Reed's way of seeing things puts total nonbuilding construction at $165.9B in 2002, $162.8B in 2003, and $169.8B in 2004. Yes, there are shifts in there, but essentially that total is flat (unlike the MHC numbers above). The big '04 gainer in the Reed way of seeing things is Communications, set to post an 11.9% gain -- but to only $17.8B, a bit more than 10% of the overall. Reed also shows a gain in "Power" construction, to $36.9B -- up from $36.5B two years ago. By way of contrast, the MHC numbers for new construction by electric utilities are $12B in 2002 and $7.5B in 2004.
[Did somebody say "electrical disconnect?" Hey, leave the punning to me, willya?]
FMI's numbers come closer to Reed's in total ($174.5B foreseen in 2004) -- but different in specifics. FMI has $45B in "utilities" spending for 2004, vs. the $36.9B Reed has for "Power." There are other differences.
While I am unable to pin it down, I don't think anyone can poo-pooh this sector. It provides a lot of employment to electrical contractors of all types, including (and especially) those who do outside work, including long-haul broadband installations; those who build power-generating facilities large and small; and those who do things like roadway lighting and traffic signal work. Much of this work generates sales for distributors of things made by manufacturers!
Overall, nonbuilding construction includes a heavy component of both roadway/highway work and government funding. In fact, the intersection of the two (federal and state government funding of highway work) accounts for a big proportion of this category. In the Reed numbers, "Power" is more than one-fifth of nonbuilding construction.
Looking away from the numbers, here are some generalizations about these categories:
I apologize for being unable to make sense of the numbers here. I have worked at it! All of the sources I've researched say pretty much the same thing: A slight increase in public works or nonbuilding construction in 2004 over 2003. I have tried and failed to find better sources in this area. For the moment, it's a question mark.
Summary - Consensus Outlook
If you've read this epic start-to-finish (including parts one and two) and are now saying "gee, he left a lot out," you're quite right. I've written 2004 construction forecasting articles for both TED magazine and Electrical Contractor. These articles different significantly in emphasis -- both from this one and from each other -- but all three came out in the same place. Hopefully, you are a subscriber of at least one of those; you can get a heck of a lot more information in either one (or both).
Of course, there's more to an electrical distributor's business than contractors and construction. There are end-users who buy direct from distributors -- owners and managers of commercial buildings, for example; and the manufacturing plants that remain in business in the U.S. Unfortunately, the outlooks for each niche and place seem to vary. For example: A recent Merrill Lynch report on Rockwell, parent of Allen-Bradley, found reason to be bullish on the company and its stock in the anticipated 2004 retooling of automotive industry plants (Rockwell gets about one-sixth of its sales from that sector). On the flip side are the textile factories that are closed and closing and are unlikely to reopen; a fair amount of those are in the Southeast.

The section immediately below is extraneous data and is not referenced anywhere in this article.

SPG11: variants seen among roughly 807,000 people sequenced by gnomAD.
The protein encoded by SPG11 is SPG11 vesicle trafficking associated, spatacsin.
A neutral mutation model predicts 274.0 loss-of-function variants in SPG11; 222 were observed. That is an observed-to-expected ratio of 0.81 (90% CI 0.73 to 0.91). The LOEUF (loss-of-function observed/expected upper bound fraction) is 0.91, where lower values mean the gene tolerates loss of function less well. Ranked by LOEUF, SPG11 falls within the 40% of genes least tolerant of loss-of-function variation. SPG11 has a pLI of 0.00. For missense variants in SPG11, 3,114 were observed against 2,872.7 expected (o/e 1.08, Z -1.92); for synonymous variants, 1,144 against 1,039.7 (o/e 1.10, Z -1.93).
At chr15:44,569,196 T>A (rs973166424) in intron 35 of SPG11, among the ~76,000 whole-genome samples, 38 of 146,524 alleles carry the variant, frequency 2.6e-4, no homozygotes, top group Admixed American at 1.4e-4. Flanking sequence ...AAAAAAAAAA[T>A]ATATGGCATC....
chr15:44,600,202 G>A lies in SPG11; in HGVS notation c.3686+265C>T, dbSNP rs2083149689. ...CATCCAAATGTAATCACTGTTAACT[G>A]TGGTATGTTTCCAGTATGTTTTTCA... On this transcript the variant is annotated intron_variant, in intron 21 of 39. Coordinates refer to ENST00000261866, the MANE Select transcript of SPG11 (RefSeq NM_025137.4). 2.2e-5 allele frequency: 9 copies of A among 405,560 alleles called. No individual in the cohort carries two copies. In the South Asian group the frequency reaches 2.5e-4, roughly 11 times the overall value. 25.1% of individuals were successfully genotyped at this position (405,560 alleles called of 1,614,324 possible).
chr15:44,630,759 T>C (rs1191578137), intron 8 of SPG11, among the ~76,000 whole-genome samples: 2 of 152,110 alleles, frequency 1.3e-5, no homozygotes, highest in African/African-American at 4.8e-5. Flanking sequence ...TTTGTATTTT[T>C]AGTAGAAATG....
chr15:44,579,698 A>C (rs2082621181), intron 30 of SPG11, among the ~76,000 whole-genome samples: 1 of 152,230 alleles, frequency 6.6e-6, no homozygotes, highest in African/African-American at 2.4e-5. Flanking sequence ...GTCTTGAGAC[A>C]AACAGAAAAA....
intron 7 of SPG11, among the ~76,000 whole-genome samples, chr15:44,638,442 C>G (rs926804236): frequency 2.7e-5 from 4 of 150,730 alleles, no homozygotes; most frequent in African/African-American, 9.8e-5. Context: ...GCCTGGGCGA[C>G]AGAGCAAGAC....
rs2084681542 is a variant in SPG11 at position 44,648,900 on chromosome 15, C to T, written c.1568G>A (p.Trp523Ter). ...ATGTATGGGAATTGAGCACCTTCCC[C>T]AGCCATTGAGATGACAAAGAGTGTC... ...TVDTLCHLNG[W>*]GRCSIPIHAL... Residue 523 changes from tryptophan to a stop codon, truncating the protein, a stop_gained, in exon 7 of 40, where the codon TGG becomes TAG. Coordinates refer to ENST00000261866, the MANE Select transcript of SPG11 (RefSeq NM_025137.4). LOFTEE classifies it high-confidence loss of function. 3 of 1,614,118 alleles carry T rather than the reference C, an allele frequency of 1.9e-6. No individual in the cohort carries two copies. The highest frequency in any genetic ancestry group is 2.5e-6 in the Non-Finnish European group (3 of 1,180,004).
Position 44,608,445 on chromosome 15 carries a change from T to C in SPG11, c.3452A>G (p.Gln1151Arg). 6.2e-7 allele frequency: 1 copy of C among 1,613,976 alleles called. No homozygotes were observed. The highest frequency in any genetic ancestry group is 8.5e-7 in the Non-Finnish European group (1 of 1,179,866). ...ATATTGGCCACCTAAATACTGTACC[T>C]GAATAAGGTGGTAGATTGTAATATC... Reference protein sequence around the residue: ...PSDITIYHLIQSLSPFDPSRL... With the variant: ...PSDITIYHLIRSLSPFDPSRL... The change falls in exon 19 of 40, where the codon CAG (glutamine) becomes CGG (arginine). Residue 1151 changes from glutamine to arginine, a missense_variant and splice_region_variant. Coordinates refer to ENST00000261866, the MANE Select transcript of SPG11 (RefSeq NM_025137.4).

I can't say that I know enough about deferred maintenance and upgrades on the industrial side vs. manufacturing migration to call it a "wash" -- I have to leave it as an open question. Certainly, if the automakers are planning a big retooling effort, that's good for any number of suppliers to those companies, and suppliers to those suppliers . . . a bunch of happy OEMs?
Add to that the projection of a big gain in Communications construction. The gain is big percentage-wise, of course; this segment has been shrinking, and dramatically so, since the bubble popped in 2000. But more Communications work means more ancillary activity . . . pushing up business from non-Communications customers, and non-contractor customers.
With construction forecasters seemingly all in one place, the consensus outlook -- in electrical industry terms -- can be described as "brightening." Pretty much, total construction stays in the same place in 2004, if the consensus is correct. Pretty much, housing stays on a high level, but drops off just a bit. Some key nonresidential sectors pick up -- but just a bit (and, many of the forecasters say, with strength growing in the year's second half . . . stop me if you've heard THAT one before!).
On the whole, if 2002 and 2003 were good for you, it's unlikely your company will find itself immersed in a sludge pit in the coming year. On the other hand, if the past 24 months have not been among your favorites, 2004 might be a case of "stay alive 'til 2005" -- albeit, with a little bit of an upward bias after the 4th of July.
At least, that's where the consensus comes out. My opinion differs. More about that soon, right here on TEDMAG.